Sunday, July 20, 2014

An interview with Felix Abt, author of ‘A Capitalist in North Korea: My Seven Years in the Hermit Kingdom’

From your stay in North Korea, you said that you experienced "a change in the North Korean society." What is the most significant change that has happened during those years?
a) the emergence of a middle class that developed a surprising business savvy and b) a trend to more consumerism. Indeed, more and more people got involved in privately organized trade, transportation, small-scale manufacturing such as furniture production, tailoring, homemade food sales you name it, from the grass root level up to family members of the elite, particularly women. The informal economy has grown substantially over the last decade.

You managed Pyongyang Business School which provided a 'mini MBA' course. You mentioned about the North Korean workers "that The North Koreans, like their southern brethren, were hard workers—and it showed. Laborers sometimes stayed overnight and worked weekends without resting, sometimes even for weeks if an urgent project needed to be finished." According to your experience, how well do you think the North Korean people would adapt to the capitalistic system?
Since the Public Distribution System largely collapsed in the crisis years of the nineties, most people have survived with a host of mostly unofficial private business activities. So they have already gone through a capitalist apprenticeship of sorts. If more reforms accompanied with institution building are carried out even more people will get used to a market economy and to responsible capitalism.

In your book, you wrote: "But when people became so keen on getting a USB to watch foreign movies, I stopped offering expensive presents and gave them those tiny electronics." In North Korea, watching foreign movies is strictly banned. However, in your description, the North Korean people appear to freely enjoy foreign culture and materials. What are your thought on the censorship and government control in North Korea?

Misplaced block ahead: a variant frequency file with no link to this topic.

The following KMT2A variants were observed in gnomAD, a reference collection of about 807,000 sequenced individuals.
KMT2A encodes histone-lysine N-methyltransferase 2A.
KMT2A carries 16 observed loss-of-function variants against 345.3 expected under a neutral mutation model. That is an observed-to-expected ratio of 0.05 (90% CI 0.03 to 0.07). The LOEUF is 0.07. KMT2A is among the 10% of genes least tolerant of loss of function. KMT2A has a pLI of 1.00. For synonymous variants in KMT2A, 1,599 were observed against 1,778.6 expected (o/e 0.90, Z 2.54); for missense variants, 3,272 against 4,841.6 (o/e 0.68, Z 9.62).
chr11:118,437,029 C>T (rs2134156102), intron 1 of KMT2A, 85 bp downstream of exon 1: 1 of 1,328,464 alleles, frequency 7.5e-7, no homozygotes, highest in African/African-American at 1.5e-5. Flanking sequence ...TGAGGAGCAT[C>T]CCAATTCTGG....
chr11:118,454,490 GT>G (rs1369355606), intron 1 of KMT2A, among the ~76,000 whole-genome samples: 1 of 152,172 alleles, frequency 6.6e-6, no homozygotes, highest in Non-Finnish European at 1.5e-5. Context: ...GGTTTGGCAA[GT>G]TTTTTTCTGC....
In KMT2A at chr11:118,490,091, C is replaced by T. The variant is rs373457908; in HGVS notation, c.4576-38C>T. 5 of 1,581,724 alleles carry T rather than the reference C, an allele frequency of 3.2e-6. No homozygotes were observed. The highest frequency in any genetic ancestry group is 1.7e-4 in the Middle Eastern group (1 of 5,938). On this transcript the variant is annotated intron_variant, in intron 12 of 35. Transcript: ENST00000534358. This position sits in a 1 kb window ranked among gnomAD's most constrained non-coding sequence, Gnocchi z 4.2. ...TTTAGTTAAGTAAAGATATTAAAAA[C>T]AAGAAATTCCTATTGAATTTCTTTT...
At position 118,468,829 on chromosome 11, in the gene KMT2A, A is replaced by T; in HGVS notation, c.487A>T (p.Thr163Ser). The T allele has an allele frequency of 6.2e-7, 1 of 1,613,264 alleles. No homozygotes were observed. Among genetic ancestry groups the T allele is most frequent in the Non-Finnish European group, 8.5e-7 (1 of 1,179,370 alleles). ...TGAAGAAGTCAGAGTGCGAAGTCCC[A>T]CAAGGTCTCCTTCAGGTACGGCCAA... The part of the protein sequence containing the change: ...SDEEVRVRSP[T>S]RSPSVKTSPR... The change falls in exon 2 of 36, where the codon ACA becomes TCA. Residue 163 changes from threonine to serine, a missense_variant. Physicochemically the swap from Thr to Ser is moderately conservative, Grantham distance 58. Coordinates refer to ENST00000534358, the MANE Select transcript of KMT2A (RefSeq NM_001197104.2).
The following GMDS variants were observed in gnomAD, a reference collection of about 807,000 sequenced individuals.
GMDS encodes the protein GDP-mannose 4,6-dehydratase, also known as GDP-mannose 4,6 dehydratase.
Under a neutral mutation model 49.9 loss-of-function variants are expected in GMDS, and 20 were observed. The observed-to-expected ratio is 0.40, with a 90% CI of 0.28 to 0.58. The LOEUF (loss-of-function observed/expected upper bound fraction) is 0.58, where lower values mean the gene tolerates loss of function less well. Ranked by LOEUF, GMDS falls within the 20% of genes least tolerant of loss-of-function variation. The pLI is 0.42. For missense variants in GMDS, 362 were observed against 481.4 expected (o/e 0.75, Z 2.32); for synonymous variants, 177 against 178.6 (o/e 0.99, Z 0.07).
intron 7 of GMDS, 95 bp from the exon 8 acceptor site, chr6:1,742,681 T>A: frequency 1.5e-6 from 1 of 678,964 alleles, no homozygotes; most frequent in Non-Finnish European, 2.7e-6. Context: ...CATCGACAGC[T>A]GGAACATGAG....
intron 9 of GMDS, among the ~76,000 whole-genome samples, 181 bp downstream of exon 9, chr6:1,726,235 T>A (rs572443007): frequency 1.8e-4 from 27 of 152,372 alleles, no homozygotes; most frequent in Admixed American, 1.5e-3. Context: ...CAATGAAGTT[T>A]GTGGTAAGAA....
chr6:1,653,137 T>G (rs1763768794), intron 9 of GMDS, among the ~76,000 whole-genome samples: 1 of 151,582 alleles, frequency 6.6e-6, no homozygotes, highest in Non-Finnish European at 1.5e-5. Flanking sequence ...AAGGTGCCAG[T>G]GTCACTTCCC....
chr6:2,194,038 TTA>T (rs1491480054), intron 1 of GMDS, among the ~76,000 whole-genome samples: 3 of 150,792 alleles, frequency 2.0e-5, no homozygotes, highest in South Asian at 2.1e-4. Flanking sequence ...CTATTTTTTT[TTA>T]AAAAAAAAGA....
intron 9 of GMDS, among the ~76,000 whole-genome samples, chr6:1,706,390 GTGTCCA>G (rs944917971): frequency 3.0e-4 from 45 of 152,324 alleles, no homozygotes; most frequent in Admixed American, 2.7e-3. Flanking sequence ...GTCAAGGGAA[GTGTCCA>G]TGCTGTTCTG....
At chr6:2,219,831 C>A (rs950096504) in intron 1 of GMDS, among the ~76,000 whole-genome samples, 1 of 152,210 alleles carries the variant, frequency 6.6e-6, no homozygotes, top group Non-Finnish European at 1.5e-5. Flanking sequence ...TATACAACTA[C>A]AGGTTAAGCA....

Despite censorship, many people have been watching foreign movies and materials. And they liked USB as these tiny electronics, unlike CDs and DVDs, would not get stuck in a DVD-player or a computer in case of a power cut and an inspection.

In your book, you mentioned how you had comparably more opportunities to meet the 'regular people' in North Korea than other foreigners. Did it seem like they actually believe the government-sponsored propaganda? Did they have faith in 'North Korean communism' or 'Juche (self-reliance)' idea?
There are still a lot of people believing in North Korea's ideology. On the other hand there has been a strong trend to consumerism particularly among the emerging middle class but also among the children of the elite which would rather embrace Deng Xiaoping's credo: "To get rich is glorious!"

You spent substantial amount of time in North Korea and also visited the South as well. What seems to be the major difference between the citizens? What is the task to be tackled in order to reduce the cultural gap between the countries after reunification?
When I worked on joint North-South business projects (sand, mining, dairy production, mineral water production on Mount Paekdu etc.) I could feel a strong cultural gap and mistrust. Both sides felt the other side wanted to cheat them, but the misunderstandings had much to do with a lack of knowledge of the other side's thinking and motivations. I as a non-Korean saw myself in a strange position of explaining North Koreans the intentions of South Koreans and vice versa. Unfortunately, this sort of business diplomacy fostering mutual understanding and capacity building came to a complete halt when